So, Microsoft is refusing to acknowledge its third-wave status, despite the fact that its central goal leaves it no other option. To Microsoft's management and culture, all bureaucracy is pure evil. It pretends to be a first-wave company by using the phrase "innovate" in every press release -- despite the fact its last attempt at innovation resulted in "Microsoft BOB" (the smiley face with sunglasses, in stores everywhere Christmas of 1995). You need commandos to innovate, and commandos are allergic to bureaucracy.
All Microsoft's growth these days is via acquisition, from PowerPoint, to Hotmail, to Frontpage. This is normal for a mature third-wave company, and again there's nothing inherently wrong with it. Berkshire Hathaway (NYSE: BRK.A) has turned it into an art form. What's wrong is that Microsoft denies it.
Microsoft is having a profound identity crisis bordering on a nervous breakdown. If it can't be first-wave, it won't give up the second wave. Microsoft REFUSES to relinquish its second-wave agenda of growing Windows beyond market saturation, despite 95% market penetration and rising prices -- so that Windows, in some cases, now costs more than the hardware it runs on. Microsoft is trying to install Windows in toothbrushes and toasters, well beyond where it makes any sense to be. This is creating a large amount of tension between it and the rest of the industry, and that tension is the main reason for the ongoing antitrust trial.
Microsoft is so afraid of "becoming IBM" that it's desperately trying to return to the first-wave status of groundbreaking innovator, a position it hasn't held since the 1970s (if ever). But, commandos are allergic to third-wave agendas too, and any creative ideas within Microsoft must somehow be bent into a defense of Windows, or else killed as a threat to the Windows monopoly. There is no other option.
Commandos are instinctively tuned in to their industry and feel the stress Microsoft is generating by pushing Windows past market saturation. Commandos can also instinctively sense "suits" or "pointy-headed boss" types, and are actively insulted by the "innovation" press releases that are obviously (to a commando) not true. As a result, commandos in the PC industry have started treating Microsoft as a cancer they must actively work against -- flocking to technologies like Java and Linux not just because they're cool, but to support "Anything But Microsoft." (Since what the commandos choose to work on is the future of the industry, this is bad news for Microsoft.)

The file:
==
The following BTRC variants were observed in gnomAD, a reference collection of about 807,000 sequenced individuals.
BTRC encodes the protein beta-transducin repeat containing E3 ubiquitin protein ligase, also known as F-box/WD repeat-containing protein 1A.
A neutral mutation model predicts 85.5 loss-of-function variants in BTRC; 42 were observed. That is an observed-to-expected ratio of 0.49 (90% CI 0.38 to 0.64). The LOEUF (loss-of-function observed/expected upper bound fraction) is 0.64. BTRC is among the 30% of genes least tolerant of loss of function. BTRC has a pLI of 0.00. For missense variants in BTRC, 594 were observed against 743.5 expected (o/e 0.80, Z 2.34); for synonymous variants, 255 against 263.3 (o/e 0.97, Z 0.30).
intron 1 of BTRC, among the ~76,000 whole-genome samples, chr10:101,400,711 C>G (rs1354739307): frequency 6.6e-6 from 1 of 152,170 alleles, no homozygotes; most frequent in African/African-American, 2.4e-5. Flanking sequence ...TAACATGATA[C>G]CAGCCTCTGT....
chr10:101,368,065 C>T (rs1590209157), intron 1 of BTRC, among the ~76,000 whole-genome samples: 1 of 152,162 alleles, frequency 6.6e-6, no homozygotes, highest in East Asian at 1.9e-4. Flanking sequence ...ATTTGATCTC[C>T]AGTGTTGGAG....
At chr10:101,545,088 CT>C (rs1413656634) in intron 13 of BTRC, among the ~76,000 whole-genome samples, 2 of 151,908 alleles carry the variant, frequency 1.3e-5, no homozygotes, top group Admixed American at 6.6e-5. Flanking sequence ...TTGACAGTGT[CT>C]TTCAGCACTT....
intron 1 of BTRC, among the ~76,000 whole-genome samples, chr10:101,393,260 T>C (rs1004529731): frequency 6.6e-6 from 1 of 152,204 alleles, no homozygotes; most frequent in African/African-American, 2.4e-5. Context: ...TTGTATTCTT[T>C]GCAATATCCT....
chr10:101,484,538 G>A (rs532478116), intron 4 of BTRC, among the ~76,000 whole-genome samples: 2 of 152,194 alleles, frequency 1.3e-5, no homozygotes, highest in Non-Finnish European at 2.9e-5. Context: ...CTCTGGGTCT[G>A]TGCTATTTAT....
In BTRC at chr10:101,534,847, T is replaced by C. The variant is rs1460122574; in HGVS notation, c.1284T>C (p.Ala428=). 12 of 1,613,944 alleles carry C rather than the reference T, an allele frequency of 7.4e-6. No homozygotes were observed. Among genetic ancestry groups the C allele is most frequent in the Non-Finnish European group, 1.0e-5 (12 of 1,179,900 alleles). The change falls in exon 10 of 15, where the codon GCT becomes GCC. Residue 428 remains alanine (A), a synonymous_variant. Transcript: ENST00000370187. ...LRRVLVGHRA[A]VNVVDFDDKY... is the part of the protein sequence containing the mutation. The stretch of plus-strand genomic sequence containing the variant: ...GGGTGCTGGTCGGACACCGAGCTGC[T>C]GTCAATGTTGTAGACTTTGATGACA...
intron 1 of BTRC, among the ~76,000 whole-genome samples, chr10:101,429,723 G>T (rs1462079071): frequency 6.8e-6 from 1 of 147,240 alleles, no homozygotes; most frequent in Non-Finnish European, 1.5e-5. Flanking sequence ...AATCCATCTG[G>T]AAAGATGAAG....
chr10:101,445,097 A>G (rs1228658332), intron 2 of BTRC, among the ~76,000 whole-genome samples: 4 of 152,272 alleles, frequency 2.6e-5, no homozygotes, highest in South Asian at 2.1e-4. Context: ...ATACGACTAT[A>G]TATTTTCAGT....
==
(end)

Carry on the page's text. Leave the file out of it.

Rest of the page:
Microsoft is trying to compensate for this by hiring boatloads of young students, panning for innovative freethinking minds like a miner panning for gold in a stream. But, since no third-wave company can get commandos to stick around (even without actively alienating them), what it winds up with are a lot of infantry and high turnover among technical employees. (It can keep administrators and marketers around forever: Their agenda is to grow and sustain Windows, which is more compatible with a second- or third-wave environment.)
This is why I think the antitrust trial's mandated breakup is a good thing for Microsoft, and the recent delay in enforcement may actually harm Microsoft in the long run. By surgically removing Windows from the rest of Microsoft, the company is FORCED to relinquish the stale second-wave agenda of "Growing Windows," and may finally replace it with the sensible third-wave agenda: "Growing MICROSOFT."
You can't grow Windows by acquisition, but growing Microsoft that way is easy. It's what they've been doing (unacknowledged) for years now. The growing Microsoft really needs to grow up, and taking away its Windows security blanket will hopefully help the process along. Of course, if Microsoft tries to latch on to a new security blanket, like Explorer or Office, a new antitrust trial will be inevitable. If Microsoft tries forcing all electric toothbrush manufacturers to install Explorer on their products, people will complain.